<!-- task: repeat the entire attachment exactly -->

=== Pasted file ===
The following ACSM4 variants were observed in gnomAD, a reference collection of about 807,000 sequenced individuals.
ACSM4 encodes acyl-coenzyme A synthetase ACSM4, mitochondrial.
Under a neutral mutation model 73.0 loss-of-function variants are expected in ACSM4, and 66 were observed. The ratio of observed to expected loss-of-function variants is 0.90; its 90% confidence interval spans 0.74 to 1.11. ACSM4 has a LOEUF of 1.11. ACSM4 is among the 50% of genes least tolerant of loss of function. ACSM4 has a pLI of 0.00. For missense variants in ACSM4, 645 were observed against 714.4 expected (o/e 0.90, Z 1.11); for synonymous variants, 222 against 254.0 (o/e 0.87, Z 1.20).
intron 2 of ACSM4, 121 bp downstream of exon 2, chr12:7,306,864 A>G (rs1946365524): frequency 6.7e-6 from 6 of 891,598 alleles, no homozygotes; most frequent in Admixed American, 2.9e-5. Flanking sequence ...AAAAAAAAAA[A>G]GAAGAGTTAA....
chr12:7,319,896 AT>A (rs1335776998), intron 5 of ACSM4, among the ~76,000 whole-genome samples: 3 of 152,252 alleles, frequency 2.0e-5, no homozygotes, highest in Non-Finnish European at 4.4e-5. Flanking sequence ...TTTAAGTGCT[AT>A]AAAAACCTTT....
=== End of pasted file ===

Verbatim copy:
The following ACSM4 variants were observed in gnomAD, a reference collection of about 807,000 sequenced individuals.
ACSM4 encodes acyl-coenzyme A synthetase ACSM4, mitochondrial.
Under a neutral mutation model 73.0 loss-of-function variants are expected in ACSM4, and 66 were observed. The ratio of observed to expected loss-of-function variants is 0.90; its 90% confidence interval spans 0.74 to 1.11. ACSM4 has a LOEUF of 1.11. ACSM4 is among the 50% of genes least tolerant of loss of function. ACSM4 has a pLI of 0.00. For missense variants in ACSM4, 645 were observed against 714.4 expected (o/e 0.90, Z 1.11); for synonymous variants, 222 against 254.0 (o/e 0.87, Z 1.20).
intron 2 of ACSM4, 121 bp downstream of exon 2, chr12:7,306,864 A>G (rs1946365524): frequency 6.7e-6 from 6 of 891,598 alleles, no homozygotes; most frequent in Admixed American, 2.9e-5. Flanking sequence ...AAAAAAAAAA[A>G]GAAGAGTTAA....
chr12:7,319,896 AT>A (rs1335776998), intron 5 of ACSM4, among the ~76,000 whole-genome samples: 3 of 152,252 alleles, frequency 2.0e-5, no homozygotes, highest in Non-Finnish European at 4.4e-5. Flanking sequence ...TTTAAGTGCT[AT>A]AAAAACCTTT....